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  • Silent Trade
  • Toby Green (bio)
Paulo F. de Moraes Farias , "Silent Trade: Myth and Historical Evidence," History in Africa 1 (1974), 9-24,

If looking at History in Africa's influence over the field of African history since its inception in 1974, where better to start than at the beginning? A quick glance at the table of contents of the inaugural volume shows that the edition carried articles by, among others, Paulo Farias, Paul Hair, Marion Johnson, Tom Spear, Michael Twaddle, Albert van Dantzig, and Jan Vansina. Forty years on, the table of contents looks something like a Who's Who in Africanist history, and reminds us of the problematic aspects of replacing print editions of journals with electronic counterparts: yes, we all can scroll down the electronic table of contents, but in practice we are more likely just to click on the relevant PDF.

To begin right at the beginning, as it were, Paulo de Moraes Farias's "Silent Trade: Myth and Historical Evidence" was the very first research article in that edition's table of contents, and to my mind it remains one of the most influential. As David Henige had been (and Marion Johnson then was), Paulo Farias was based at Birmingham University, beginning work on his project of discovering, deciphering, transcribing and translating funerary inscriptions in Arabic, that would bear fruit in his major work - almost thirty years later - Medieval Arabic Inscriptions from the Republic of Mali (Oxford: Oxford University Press, 2003).

It has been said that a writer or historian's early work is always an exercise in procrastination, in that the extent of their research capacities is not [End Page s3] yet fully evident. Given the intellectual immensity of the monograph which Farias went on to produce, this could perhaps be seen as a fair comment; yet in this case, his article is certainly one of the pithiest and most characteristic exemplars of the procrastinating genre, containing within it many of the hallmarks which distinguish the later work.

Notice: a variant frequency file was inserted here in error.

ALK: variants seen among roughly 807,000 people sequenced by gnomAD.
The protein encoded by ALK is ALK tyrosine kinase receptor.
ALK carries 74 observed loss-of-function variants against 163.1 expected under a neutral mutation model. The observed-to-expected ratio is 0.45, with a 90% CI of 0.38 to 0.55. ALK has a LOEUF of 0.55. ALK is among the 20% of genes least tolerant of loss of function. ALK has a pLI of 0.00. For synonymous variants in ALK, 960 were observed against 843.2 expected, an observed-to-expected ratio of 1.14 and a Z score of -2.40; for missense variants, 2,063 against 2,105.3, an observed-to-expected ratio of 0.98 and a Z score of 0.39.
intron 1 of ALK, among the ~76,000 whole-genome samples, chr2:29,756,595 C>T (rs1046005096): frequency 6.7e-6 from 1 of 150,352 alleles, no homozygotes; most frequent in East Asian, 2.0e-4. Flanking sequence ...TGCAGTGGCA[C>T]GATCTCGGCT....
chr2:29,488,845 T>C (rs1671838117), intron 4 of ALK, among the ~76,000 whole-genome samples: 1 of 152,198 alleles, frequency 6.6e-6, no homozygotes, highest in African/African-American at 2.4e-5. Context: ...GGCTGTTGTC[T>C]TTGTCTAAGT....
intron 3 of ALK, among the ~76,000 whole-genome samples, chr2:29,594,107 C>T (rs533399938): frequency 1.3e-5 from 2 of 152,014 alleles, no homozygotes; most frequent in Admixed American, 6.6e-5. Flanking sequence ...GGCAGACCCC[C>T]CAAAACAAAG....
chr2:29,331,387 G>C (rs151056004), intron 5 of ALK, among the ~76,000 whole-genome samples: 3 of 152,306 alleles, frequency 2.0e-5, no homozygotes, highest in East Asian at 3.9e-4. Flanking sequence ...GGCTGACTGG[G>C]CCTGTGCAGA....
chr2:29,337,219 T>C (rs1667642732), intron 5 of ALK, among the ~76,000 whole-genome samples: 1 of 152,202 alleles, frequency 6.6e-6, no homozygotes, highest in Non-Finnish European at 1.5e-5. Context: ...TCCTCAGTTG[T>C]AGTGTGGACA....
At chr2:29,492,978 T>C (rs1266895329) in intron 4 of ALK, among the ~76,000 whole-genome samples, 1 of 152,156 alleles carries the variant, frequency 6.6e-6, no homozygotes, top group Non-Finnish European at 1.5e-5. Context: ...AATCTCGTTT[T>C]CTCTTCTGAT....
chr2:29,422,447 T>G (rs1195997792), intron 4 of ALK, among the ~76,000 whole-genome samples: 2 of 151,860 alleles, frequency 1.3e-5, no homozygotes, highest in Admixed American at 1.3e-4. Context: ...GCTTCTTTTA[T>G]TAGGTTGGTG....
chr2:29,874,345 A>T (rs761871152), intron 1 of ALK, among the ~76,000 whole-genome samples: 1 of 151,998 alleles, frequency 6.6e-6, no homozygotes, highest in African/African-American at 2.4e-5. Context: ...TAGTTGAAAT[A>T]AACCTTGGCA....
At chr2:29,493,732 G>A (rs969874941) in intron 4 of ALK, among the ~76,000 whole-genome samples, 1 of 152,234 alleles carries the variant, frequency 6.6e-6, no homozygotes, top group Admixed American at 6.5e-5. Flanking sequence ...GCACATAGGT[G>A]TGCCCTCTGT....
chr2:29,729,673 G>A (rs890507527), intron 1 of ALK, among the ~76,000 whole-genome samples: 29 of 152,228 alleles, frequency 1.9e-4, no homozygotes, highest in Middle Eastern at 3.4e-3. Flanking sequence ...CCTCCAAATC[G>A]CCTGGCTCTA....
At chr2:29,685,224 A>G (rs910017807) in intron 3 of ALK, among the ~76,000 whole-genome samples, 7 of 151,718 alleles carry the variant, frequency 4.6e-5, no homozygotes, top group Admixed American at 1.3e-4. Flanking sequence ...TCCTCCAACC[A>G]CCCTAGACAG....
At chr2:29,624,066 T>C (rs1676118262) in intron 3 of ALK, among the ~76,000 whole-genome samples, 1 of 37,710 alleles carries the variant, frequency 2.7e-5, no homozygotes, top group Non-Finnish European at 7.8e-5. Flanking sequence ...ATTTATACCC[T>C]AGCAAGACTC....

The article deals with the myth that grew up over the preceding centuries as to what was known as "silent trade." This was the practice, said to be widely practiced in the Sahel, of conducting a commercial exchange without conversation. Various sources, beginning as early as Herodotus in classical times, had claimed that it was common practice for one party to leave on the path the goods which they proposed to exchange, and then to retire, whereupon the other party would leave what they proposed to give in exchange - with the system continuing until the "transaction" was completed. In practice, the idea of silent trade stood for the backwardness and primitiveness of the African continent in the minds of outsiders, and was a significant actor in shaping pejorative cultural associations related to Africa.

"Silent Trade" examines the sources and, in characteristic gentle but irrefutable style, concludes that the whole idea was a fabrication based on second- and third-hand sources and a fundamental misunderstanding of African systems of brokerage. The erudition which enables Farias to reach this conclusion is immense; for in the article, he quotes from (among others), the Italian of Ca da Mosto, the Arabic of al-Mas'ūdī and Yaqūt, and the Portuguese of Duarte Pacheco Pereira and André Alvares d'Almada. His analysis of sources also involves an important linguistic exegesis of the meanings of the Arabic samāsira ("brokers," "middlemen") and jahābidha (those who distinguish good quality merchandise from bad quality); as well as elucidating place names from knowledge of Wangara and Dyula terms for the Akan-speaking peoples.

Complementing this extraordinary linguistic versatility was the scope of the sources drawn upon. On any page Farias is just as happy among medieval Arabic sources as among sixteenth century Portuguese and later writers. The amazing scope of the article is pithily expressed in the concluding two pages, in which the author ends by citing important German and English sources from the seventeenth and nineteenth centuries, which reflect different levels of the silent trade stereotype; but in which he is also quite happy discussing Ibn Battūta's comments on the relationship between the...


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